And it’s easy to imagine 430 feet is 920-rated Player 1’s best possible drive. It is also likely they don’t throw that high-speed driver as reliably as they would a fairway driver that would go 300 feet or even a midrange that would go 250 feet. If so, then they are adding risk of having to punch out from the trees or going out of bounds (taking a 4 or 5 on a straightforward scoring hole) for the reward of a 70-foot putt – if they throw their absolute best drive. Is that worth it?

Maybe. If throwing 430 is a well-controlled shot or if they can throw it 480 with decent accuracy – giving themself a very makeable putt on a 500-foot hole – then it’s definitely worth the risk.  Distance is a weapon. But is that your game? If you are taking risk without a real, tangible reward as a possibility, you are burning strokes. Again: scoring your best requires honesty about your game.

The key to shooting better scores for players who are playing above par is not making more birdies — it is avoiding big numbers. Getting more birdies can be hard, but minimizing double and triple bogeys is easier and will pay off very quickly.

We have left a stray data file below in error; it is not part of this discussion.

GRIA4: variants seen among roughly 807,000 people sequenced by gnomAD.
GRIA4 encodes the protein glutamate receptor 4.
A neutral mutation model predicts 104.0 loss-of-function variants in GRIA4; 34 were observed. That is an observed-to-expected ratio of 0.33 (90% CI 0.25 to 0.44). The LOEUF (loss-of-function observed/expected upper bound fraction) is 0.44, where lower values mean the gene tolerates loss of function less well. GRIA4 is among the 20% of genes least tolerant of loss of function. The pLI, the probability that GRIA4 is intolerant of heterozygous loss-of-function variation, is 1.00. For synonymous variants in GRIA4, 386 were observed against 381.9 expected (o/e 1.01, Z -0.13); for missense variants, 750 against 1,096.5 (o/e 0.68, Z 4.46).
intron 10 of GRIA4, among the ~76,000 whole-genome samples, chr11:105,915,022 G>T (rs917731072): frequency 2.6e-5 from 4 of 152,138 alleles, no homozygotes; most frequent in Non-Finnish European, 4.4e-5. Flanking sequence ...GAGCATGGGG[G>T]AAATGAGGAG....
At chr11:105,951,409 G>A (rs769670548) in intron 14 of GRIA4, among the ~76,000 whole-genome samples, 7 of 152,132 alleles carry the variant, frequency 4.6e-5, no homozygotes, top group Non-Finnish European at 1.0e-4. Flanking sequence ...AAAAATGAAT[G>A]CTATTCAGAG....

Upgrade Your Upshots

So, what does this mean about what should go in your bag? I think there is more chance of stopping those round-wrecking triples by adding an overstable putter or midrange rather than a driver.

The key to scoring is upshots. No, it’s not the key to birdieing every hole on your course. But clean upshots give you a floor so that the birdies you get aren’t erased by three-putts. The fastest way to improve your score is improving your putting, but the second fastest way is making sure that you can get up and down from 200 feet and in.

If you are approaching the basket, the goal is to get to a makeable putt. If you haven’t practiced much, then upshots from 60 feet to 200 feet can be a no man’s land. You hardly ever throw from here if you have a decent throw off the tee. But when you hit the first tree, have 195 feet to the pin, then blow past the basket, then miss the putt…you can see the value of approaches and upshots. Imagine your score if, every time you were within 150 or 200 feet of the basket, you knew were going to ensure a tap-in on your next shot. That is the power of upshots.